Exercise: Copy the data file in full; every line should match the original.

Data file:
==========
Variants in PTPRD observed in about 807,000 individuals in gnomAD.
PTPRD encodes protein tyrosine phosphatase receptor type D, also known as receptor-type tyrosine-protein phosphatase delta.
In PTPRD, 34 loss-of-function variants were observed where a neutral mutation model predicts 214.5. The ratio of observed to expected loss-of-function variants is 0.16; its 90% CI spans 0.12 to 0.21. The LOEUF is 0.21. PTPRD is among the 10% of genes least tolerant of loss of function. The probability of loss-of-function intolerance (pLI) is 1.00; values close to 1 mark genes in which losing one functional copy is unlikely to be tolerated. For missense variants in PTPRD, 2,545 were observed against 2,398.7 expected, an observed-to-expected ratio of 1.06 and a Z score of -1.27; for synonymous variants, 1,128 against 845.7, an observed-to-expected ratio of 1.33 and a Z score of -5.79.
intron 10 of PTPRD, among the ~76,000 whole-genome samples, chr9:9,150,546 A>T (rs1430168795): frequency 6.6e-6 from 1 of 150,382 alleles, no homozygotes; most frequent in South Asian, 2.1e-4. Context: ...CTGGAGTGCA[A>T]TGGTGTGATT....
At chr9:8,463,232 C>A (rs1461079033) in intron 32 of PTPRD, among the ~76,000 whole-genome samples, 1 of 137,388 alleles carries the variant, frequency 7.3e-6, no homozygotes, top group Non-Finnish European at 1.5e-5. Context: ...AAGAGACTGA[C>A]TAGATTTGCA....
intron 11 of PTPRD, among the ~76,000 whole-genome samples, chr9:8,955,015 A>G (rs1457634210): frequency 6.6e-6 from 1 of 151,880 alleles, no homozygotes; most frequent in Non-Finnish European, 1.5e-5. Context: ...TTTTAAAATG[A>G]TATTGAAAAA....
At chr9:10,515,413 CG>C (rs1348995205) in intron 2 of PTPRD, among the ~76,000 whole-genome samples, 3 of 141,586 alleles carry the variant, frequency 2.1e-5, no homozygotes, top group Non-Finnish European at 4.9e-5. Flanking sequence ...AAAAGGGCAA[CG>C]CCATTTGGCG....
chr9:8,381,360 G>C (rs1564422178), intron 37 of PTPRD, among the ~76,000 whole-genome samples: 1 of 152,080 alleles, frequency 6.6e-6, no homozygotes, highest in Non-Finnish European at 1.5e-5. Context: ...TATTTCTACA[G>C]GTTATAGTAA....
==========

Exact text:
Variants in PTPRD observed in about 807,000 individuals in gnomAD.
PTPRD encodes protein tyrosine phosphatase receptor type D, also known as receptor-type tyrosine-protein phosphatase delta.
In PTPRD, 34 loss-of-function variants were observed where a neutral mutation model predicts 214.5. The ratio of observed to expected loss-of-function variants is 0.16; its 90% CI spans 0.12 to 0.21. The LOEUF is 0.21. PTPRD is among the 10% of genes least tolerant of loss of function. The probability of loss-of-function intolerance (pLI) is 1.00; values close to 1 mark genes in which losing one functional copy is unlikely to be tolerated. For missense variants in PTPRD, 2,545 were observed against 2,398.7 expected, an observed-to-expected ratio of 1.06 and a Z score of -1.27; for synonymous variants, 1,128 against 845.7, an observed-to-expected ratio of 1.33 and a Z score of -5.79.
intron 10 of PTPRD, among the ~76,000 whole-genome samples, chr9:9,150,546 A>T (rs1430168795): frequency 6.6e-6 from 1 of 150,382 alleles, no homozygotes; most frequent in South Asian, 2.1e-4. Context: ...CTGGAGTGCA[A>T]TGGTGTGATT....
At chr9:8,463,232 C>A (rs1461079033) in intron 32 of PTPRD, among the ~76,000 whole-genome samples, 1 of 137,388 alleles carries the variant, frequency 7.3e-6, no homozygotes, top group Non-Finnish European at 1.5e-5. Context: ...AAGAGACTGA[C>A]TAGATTTGCA....
intron 11 of PTPRD, among the ~76,000 whole-genome samples, chr9:8,955,015 A>G (rs1457634210): frequency 6.6e-6 from 1 of 151,880 alleles, no homozygotes; most frequent in Non-Finnish European, 1.5e-5. Context: ...TTTTAAAATG[A>G]TATTGAAAAA....
At chr9:10,515,413 CG>C (rs1348995205) in intron 2 of PTPRD, among the ~76,000 whole-genome samples, 3 of 141,586 alleles carry the variant, frequency 2.1e-5, no homozygotes, top group Non-Finnish European at 4.9e-5. Flanking sequence ...AAAAGGGCAA[CG>C]CCATTTGGCG....
chr9:8,381,360 G>C (rs1564422178), intron 37 of PTPRD, among the ~76,000 whole-genome samples: 1 of 152,080 alleles, frequency 6.6e-6, no homozygotes, highest in Non-Finnish European at 1.5e-5. Context: ...TATTTCTACA[G>C]GTTATAGTAA....